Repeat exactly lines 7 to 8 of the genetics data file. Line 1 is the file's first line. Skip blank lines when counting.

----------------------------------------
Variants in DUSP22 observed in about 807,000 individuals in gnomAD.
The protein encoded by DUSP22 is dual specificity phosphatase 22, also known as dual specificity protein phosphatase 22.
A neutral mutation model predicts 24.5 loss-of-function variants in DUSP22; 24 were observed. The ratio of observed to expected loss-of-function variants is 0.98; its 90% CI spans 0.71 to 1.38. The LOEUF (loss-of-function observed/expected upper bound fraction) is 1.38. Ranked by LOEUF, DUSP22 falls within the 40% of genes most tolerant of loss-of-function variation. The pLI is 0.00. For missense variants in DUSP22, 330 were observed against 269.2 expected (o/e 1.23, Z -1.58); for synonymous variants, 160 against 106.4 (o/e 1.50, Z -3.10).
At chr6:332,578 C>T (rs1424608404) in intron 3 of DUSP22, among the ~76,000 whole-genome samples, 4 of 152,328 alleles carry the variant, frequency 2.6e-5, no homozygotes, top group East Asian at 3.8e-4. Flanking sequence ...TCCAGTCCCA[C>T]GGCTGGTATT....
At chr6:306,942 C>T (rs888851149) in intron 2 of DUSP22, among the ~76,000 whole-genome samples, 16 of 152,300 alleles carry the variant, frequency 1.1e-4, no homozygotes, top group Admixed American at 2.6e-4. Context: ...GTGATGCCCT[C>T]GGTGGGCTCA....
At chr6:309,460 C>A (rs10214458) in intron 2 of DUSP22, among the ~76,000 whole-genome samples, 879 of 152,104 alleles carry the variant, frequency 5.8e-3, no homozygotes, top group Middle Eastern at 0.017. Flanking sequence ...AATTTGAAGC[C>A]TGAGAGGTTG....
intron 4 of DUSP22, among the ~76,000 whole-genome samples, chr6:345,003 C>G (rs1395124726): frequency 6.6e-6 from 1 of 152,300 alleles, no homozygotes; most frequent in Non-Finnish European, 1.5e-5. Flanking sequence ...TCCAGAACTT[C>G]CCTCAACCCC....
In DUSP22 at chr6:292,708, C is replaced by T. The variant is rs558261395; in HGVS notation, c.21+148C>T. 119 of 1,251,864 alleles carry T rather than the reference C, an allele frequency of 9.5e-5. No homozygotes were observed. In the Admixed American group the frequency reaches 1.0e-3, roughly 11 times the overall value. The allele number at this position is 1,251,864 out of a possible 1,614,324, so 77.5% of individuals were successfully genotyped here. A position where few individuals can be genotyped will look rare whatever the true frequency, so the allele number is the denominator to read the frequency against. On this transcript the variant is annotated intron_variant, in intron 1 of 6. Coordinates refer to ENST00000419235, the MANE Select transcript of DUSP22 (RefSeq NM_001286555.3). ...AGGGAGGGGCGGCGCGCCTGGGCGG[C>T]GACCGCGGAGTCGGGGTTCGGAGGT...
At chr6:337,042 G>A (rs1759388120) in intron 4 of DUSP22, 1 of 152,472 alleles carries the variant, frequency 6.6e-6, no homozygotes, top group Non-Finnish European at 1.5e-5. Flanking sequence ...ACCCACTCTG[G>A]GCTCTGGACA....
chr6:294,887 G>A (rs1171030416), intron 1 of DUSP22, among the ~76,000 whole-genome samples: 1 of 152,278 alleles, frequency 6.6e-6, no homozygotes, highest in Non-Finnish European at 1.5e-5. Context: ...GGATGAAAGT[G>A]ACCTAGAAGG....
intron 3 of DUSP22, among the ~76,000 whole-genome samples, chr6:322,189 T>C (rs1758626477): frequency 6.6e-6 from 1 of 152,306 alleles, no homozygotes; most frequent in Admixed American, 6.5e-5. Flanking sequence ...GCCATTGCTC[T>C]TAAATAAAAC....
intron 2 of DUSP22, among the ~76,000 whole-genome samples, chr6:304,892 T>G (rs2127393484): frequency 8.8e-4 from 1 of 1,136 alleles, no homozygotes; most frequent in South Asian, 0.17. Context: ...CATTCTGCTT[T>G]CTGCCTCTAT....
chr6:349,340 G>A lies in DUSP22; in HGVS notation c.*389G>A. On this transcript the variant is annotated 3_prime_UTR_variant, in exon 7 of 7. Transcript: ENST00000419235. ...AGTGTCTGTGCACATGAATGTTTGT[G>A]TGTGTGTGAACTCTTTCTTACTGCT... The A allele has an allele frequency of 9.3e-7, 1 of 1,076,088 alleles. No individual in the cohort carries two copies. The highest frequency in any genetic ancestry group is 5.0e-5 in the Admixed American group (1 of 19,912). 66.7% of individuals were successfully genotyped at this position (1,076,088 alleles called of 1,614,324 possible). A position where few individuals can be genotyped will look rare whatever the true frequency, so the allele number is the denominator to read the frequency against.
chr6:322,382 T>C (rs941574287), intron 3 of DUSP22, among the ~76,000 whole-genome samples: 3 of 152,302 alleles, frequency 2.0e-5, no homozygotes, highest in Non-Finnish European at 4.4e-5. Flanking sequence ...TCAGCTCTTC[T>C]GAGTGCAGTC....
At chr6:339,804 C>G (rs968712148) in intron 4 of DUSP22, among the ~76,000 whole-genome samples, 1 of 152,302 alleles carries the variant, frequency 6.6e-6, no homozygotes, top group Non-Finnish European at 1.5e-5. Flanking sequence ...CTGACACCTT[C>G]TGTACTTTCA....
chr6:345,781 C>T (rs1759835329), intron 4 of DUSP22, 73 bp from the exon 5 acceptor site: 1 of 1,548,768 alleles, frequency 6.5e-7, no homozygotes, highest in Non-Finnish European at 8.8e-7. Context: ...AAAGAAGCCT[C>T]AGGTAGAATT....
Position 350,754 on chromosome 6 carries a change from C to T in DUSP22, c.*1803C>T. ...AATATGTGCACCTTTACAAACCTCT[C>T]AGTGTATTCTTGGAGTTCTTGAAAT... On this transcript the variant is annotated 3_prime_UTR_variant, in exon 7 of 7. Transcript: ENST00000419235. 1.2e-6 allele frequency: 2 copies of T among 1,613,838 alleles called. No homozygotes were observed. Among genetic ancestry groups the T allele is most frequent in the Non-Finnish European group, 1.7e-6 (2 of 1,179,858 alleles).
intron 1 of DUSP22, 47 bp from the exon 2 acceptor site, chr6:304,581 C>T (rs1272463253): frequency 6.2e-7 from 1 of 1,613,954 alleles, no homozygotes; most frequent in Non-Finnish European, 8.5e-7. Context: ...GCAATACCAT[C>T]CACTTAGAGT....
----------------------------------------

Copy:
intron 4 of DUSP22, among the ~76,000 whole-genome samples, chr6:345,003 C>G (rs1395124726): frequency 6.6e-6 from 1 of 152,300 alleles, no homozygotes; most frequent in Non-Finnish European, 1.5e-5. Flanking sequence ...TCCAGAACTT[C>G]CCTCAACCCC....
In DUSP22 at chr6:292,708, C is replaced by T. The variant is rs558261395; in HGVS notation, c.21+148C>T. 119 of 1,251,864 alleles carry T rather than the reference C, an allele frequency of 9.5e-5. No homozygotes were observed. In the Admixed American group the frequency reaches 1.0e-3, roughly 11 times the overall value. The allele number at this position is 1,251,864 out of a possible 1,614,324, so 77.5% of individuals were successfully genotyped here. A position where few individuals can be genotyped will look rare whatever the true frequency, so the allele number is the denominator to read the frequency against. On this transcript the variant is annotated intron_variant, in intron 1 of 6. Coordinates refer to ENST00000419235, the MANE Select transcript of DUSP22 (RefSeq NM_001286555.3). ...AGGGAGGGGCGGCGCGCCTGGGCGG[C>T]GACCGCGGAGTCGGGGTTCGGAGGT...